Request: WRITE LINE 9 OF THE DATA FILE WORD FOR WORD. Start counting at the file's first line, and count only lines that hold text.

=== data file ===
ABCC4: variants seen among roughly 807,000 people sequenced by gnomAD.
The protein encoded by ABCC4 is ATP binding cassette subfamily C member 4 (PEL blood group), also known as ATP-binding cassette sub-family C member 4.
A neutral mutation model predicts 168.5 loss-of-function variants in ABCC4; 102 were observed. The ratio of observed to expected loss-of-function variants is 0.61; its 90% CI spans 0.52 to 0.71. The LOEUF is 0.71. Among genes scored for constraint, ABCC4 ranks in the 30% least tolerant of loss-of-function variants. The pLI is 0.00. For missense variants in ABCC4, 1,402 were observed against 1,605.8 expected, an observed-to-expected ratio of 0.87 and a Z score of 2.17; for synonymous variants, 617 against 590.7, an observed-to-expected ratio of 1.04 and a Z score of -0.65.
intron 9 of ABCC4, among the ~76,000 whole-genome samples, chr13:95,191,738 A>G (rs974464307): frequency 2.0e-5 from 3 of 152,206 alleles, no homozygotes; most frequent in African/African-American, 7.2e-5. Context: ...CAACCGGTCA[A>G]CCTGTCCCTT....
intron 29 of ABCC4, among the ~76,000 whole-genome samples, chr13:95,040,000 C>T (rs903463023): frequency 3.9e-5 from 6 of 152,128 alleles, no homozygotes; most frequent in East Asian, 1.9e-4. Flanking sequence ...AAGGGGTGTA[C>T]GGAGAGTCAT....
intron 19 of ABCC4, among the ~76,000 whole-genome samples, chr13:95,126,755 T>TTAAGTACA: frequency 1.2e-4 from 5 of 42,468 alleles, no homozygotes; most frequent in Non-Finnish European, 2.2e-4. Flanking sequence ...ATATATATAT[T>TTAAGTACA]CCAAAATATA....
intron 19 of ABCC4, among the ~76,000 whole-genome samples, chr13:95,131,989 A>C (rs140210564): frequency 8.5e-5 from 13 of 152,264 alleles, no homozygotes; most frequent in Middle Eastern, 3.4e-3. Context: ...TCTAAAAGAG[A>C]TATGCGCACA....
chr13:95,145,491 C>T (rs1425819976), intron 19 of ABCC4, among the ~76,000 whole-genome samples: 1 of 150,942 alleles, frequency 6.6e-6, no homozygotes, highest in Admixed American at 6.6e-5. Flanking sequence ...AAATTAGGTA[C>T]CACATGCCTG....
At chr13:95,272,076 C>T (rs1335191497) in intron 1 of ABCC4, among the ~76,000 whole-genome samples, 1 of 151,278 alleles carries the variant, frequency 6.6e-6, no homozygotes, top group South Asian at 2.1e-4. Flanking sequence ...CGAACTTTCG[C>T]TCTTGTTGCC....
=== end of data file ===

At chr13:95,272,076 C>T (rs1335191497) in intron 1 of ABCC4, among the ~76,000 whole-genome samples, 1 of 151,278 alleles carries the variant, frequency 6.6e-6, no homozygotes, top group South Asian at 2.1e-4. Flanking sequence ...CGAACTTTCG[C>T]TCTTGTTGCC....